49. But with education, we pass laws that say everyone will be at grade level by a certain date or schools will face sanctions, and that’s supposed to be reasonable. Often, the schools with the worst “raw material” will often have the least in classroom resources to help compensate.

    Doesn’t this depend on where we set the expectation?

    To use your furniture factory analogy. If I start with bad material, I might not be able to make a Stickley chair, but I may be able to make a chair suitable for IKEA.

    I’d argue that most states have set their grade level expectations at the IKEA level, not the Stickley level. So we should be able to make IKEA furniture with whatever material we have.

    With respect to the resources argument, have you seen the per pupil expenditures in most major cities recently? Typically, they have some of the largest per pupil expenditures in the state.

  50. Oh, yeah, they’ve got the per pupil expenditure, but very little of it makes it to the classroom.

    I understand that it doesn’t make any difference to the tax payers, but the extra money isn’t making it to the kids in a lot of cases.

    Seriously, I invite you all to tour schools in your area and contrast the city schools with high per pupil expenditures with the suburban schools with lower expenditures. Almost without fail, I think you’ll leave wondering what the heck the city school are doing with the money because the kids and teachers don’t seem to benefit much from it. The building will be in terrible shape; the kids won’t have books; they’ll be a technology gap with suburban schools.

    I’m working on more info about “right to work states”

    It’s weirdly hard to even find data about teacher union membership by state. This Bureau of Labor report seem to indicate that union membership in the cluster of field education would fall in is a little over a 1/3 of all employees.

    http://www.bls.gov/news.release/union2.nr0.htm

    I don’t know about the IKEA level. I agree that the bar hasn’t been set high. Again, I know it’s probably irritating for me to keep saying, visit the schools. But what you aren’t accounting for, I think, is the resistance of the raw material into being made into a useful product. I would expect a high level of success in the first three grades or so. But as the kids get older, they won’t even go through the motions of trying to learn.

  51. I clearly should have limited my claim to public employees being prohibited from collective bargaining. I’m still working on a list, but obviously, I’m not going to find a list for private employees.

  52. NDC said:

    “Some folks think that school choice would allow the freedom to focus on what expectations a community wanted. Sometimes I wonder that too. But then I also think about the number of people who make terrible decision for their kids, and I’m not interested as a tax payer in subsidizing what they would choose.”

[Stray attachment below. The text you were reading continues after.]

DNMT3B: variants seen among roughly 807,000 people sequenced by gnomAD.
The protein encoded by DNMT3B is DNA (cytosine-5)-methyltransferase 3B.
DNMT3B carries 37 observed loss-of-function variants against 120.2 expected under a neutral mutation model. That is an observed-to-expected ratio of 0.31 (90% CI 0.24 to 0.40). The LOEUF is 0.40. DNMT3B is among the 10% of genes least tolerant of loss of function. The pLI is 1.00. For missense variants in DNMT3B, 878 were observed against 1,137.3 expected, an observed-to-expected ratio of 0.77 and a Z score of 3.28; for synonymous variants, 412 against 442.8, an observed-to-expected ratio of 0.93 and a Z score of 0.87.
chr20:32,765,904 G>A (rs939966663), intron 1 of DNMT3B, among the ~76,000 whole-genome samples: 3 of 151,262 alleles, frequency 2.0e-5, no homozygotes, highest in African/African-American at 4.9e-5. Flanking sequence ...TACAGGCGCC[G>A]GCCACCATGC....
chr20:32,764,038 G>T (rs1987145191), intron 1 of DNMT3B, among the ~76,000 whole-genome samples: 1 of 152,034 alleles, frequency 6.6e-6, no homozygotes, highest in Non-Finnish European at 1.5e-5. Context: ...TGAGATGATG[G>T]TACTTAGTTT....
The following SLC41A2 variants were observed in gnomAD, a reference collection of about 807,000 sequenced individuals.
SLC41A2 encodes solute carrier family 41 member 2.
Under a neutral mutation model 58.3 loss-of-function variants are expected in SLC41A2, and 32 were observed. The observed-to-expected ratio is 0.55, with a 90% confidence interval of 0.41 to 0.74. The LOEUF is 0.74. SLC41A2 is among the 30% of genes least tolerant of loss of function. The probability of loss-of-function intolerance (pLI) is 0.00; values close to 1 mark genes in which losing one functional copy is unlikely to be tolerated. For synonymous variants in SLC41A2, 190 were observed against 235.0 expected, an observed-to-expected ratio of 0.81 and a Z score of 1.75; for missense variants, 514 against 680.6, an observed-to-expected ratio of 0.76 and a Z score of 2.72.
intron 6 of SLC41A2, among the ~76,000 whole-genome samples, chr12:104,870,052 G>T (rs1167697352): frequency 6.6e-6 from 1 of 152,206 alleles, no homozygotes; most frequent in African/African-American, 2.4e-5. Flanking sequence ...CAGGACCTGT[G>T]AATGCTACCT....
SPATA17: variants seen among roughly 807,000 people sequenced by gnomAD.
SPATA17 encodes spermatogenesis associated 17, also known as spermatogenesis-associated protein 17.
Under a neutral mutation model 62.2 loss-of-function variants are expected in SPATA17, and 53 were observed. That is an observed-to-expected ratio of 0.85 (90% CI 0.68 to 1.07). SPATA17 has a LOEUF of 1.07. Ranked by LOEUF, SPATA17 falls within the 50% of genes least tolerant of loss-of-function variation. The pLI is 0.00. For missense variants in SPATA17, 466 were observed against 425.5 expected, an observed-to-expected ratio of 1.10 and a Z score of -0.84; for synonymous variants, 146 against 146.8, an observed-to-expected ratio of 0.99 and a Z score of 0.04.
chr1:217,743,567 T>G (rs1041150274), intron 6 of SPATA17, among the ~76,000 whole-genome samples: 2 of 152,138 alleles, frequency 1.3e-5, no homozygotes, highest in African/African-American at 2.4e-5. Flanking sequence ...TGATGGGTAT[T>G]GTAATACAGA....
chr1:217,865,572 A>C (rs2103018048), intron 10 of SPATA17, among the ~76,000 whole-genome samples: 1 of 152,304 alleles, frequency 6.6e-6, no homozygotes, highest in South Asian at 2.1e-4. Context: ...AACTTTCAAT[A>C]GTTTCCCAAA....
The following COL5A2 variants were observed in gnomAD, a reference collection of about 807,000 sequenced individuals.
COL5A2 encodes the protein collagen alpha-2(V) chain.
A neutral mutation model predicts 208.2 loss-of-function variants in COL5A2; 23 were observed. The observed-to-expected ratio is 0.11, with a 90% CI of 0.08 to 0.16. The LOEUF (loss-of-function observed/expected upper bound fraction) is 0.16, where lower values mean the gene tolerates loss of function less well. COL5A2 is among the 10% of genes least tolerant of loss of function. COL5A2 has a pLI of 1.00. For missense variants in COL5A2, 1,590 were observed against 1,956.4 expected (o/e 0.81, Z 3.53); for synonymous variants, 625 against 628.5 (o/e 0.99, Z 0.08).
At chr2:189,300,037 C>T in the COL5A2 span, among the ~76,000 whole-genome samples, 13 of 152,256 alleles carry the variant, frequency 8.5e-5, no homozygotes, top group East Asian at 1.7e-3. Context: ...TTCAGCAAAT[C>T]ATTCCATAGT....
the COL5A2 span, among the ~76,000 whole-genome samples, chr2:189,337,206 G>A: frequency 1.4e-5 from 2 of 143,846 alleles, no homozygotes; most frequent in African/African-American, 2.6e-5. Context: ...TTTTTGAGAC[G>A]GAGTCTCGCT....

But you’re OK with subsidizing the schools that almost almost uniformly make terrible decisions that affect the kids?

    Parents on average are more interested in the welfare of their kids than others. That much seems inarguable – let them choose.

  53. As a teacher in North Carolina, I can assure you that we have no collective bargaining rights. I am not a fan of unions, but if one examines salaries studies that focus on public sector jobs versus the private sector, one finds that North Carolina ranks toward the bottom of all states in terms of comparable public employee salaries.

    This website discusses briefly North Carolina’s public employees’ lack of collective bargaining power:

    http://southernstudies.org/facingsouth/2005/11/world-is-watching-north-carolina.asp

  54. http://mb2.ecs.org/reports/Report.aspx?id=173

    Now, we can debate about whether not having a law that allows is the same as prohibiting, but it gives an overview.

    You can look up the states yourself to review; I’ll throw that burden back on you.

    So far though, Alabama, Arkansas, Mississippi, Georgia, South Caroline, North Carolina are states that jump out at me that ought to doing a lot better if teacher unions are a dominant reason that schools are failing.

  55. wayne martin says:

    > Oh, yeah, they’ve got the per pupil expenditure, but
    > very little of it makes it to the classroom.

    Public School Advocates keep making these comments, but never provide any meaningful proof. Nationwide, 85% of Public School Budgets are consumed by Staff Salaries and budgets. Last year, the total funding for Public School (from all sources) was almost $1T-typically 7.5% of GDP! Oh, and this number does not include retirement benefits, which can being in 40-80% of another lifetime’s salary for education industry retirees. Is that money that isn’t getting into the classroom?

    > very little of it makes it to the classroom.

    Used as frequently as this idea is, it is little more than a “sound-byte” intended for consumption by the “true believers” and is meaningless to everyone else.

    >visit the schools.